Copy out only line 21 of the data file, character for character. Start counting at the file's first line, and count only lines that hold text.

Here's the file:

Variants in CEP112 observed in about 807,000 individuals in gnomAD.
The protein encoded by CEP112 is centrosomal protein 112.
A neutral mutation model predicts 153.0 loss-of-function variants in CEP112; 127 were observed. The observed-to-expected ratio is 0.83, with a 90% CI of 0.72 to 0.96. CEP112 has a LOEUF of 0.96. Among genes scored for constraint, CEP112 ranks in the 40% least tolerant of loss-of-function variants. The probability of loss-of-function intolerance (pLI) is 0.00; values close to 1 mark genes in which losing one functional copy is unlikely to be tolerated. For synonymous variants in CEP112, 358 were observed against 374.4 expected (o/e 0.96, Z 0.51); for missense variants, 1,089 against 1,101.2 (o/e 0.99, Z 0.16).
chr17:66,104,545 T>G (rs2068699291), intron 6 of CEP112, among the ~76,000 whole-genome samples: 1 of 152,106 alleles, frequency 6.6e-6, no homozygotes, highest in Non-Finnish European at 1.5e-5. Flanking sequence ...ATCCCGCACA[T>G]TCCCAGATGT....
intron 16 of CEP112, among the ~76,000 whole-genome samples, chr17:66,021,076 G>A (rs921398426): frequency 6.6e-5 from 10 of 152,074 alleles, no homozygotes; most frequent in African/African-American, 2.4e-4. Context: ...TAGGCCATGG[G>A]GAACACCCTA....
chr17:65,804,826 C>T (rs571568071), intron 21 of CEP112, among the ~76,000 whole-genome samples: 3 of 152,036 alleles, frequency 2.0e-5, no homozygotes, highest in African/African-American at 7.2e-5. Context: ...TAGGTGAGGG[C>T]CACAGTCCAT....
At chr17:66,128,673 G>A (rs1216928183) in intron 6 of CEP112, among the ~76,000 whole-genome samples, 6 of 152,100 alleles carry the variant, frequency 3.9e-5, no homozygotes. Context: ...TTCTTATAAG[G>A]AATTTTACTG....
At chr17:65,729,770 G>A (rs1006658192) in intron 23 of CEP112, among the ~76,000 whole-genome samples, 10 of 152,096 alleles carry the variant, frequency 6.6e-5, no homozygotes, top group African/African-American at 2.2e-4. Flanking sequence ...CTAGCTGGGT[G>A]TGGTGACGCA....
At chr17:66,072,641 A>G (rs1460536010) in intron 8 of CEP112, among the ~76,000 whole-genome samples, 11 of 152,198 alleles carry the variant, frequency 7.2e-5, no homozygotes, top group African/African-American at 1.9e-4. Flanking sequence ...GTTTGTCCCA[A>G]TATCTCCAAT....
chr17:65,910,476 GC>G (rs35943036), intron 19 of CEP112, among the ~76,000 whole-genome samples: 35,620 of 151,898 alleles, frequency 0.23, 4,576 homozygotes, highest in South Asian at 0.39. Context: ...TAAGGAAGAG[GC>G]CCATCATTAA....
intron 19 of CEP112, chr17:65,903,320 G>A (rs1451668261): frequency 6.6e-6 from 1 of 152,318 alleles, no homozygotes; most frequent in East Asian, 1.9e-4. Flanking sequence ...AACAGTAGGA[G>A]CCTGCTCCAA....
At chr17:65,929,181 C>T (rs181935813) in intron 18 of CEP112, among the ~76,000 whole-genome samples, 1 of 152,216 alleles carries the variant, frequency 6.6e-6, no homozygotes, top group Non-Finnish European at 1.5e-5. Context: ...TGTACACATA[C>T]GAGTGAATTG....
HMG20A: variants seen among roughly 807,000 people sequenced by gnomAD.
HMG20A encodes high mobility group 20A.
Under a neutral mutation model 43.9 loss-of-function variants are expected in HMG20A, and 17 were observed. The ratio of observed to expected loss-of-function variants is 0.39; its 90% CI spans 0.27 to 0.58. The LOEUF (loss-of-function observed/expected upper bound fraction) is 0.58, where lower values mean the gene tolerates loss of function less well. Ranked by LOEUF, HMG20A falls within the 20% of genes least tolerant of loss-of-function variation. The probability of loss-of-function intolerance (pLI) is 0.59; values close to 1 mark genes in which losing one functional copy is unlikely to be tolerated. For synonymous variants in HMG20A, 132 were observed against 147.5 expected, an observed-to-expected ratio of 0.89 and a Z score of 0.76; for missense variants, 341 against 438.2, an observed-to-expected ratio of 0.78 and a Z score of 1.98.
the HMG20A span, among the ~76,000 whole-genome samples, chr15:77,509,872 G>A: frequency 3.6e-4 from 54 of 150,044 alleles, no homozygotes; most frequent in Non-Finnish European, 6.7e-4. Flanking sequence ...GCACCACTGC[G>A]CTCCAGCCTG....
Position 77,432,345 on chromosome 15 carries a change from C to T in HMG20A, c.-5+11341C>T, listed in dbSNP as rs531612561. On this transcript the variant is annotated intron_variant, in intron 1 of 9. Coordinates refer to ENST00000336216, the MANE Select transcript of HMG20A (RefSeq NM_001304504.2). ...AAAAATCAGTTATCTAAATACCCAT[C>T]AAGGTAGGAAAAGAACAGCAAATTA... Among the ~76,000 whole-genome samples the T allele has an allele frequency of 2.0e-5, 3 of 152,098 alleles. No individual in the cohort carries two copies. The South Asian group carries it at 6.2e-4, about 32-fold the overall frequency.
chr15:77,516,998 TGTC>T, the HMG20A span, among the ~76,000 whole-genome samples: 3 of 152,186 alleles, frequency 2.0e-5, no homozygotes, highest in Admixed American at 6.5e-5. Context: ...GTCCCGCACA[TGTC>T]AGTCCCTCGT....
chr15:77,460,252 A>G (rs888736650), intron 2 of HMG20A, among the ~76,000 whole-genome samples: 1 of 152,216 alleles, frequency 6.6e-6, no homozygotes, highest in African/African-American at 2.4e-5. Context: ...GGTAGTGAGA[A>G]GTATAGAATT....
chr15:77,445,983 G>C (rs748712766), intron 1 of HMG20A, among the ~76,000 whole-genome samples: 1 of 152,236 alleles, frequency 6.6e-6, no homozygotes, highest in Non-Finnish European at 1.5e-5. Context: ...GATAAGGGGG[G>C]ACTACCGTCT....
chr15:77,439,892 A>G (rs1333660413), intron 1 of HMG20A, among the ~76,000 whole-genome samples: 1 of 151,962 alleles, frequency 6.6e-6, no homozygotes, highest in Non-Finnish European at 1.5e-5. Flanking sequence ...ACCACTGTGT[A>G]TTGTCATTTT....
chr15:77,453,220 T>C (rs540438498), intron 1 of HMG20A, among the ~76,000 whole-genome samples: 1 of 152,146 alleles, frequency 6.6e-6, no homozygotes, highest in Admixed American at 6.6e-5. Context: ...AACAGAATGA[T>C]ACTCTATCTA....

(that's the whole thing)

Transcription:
chr15:77,439,892 A>G (rs1333660413), intron 1 of HMG20A, among the ~76,000 whole-genome samples: 1 of 151,962 alleles, frequency 6.6e-6, no homozygotes, highest in Non-Finnish European at 1.5e-5. Flanking sequence ...ACCACTGTGT[A>G]TTGTCATTTT....